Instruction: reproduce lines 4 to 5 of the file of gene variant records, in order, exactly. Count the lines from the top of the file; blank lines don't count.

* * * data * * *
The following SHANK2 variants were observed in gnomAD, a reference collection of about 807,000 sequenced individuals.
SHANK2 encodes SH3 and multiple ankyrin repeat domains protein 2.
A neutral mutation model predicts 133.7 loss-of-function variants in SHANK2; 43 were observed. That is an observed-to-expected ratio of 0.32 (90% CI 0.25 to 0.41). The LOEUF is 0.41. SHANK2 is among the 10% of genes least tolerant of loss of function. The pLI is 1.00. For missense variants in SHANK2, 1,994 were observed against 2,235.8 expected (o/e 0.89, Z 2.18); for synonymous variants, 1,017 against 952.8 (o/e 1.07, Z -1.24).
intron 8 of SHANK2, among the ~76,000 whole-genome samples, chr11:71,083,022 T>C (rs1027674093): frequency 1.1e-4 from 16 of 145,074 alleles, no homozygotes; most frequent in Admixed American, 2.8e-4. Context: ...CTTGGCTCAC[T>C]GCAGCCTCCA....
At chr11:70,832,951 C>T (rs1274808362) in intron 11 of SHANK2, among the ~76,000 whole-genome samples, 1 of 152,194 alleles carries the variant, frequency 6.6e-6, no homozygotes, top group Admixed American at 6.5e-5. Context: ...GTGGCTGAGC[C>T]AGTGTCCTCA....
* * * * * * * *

intron 8 of SHANK2, among the ~76,000 whole-genome samples, chr11:71,083,022 T>C (rs1027674093): frequency 1.1e-4 from 16 of 145,074 alleles, no homozygotes; most frequent in Admixed American, 2.8e-4. Context: ...CTTGGCTCAC[T>C]GCAGCCTCCA....
At chr11:70,832,951 C>T (rs1274808362) in intron 11 of SHANK2, among the ~76,000 whole-genome samples, 1 of 152,194 alleles carries the variant, frequency 6.6e-6, no homozygotes, top group Admixed American at 6.5e-5. Context: ...GTGGCTGAGC[C>T]AGTGTCCTCA....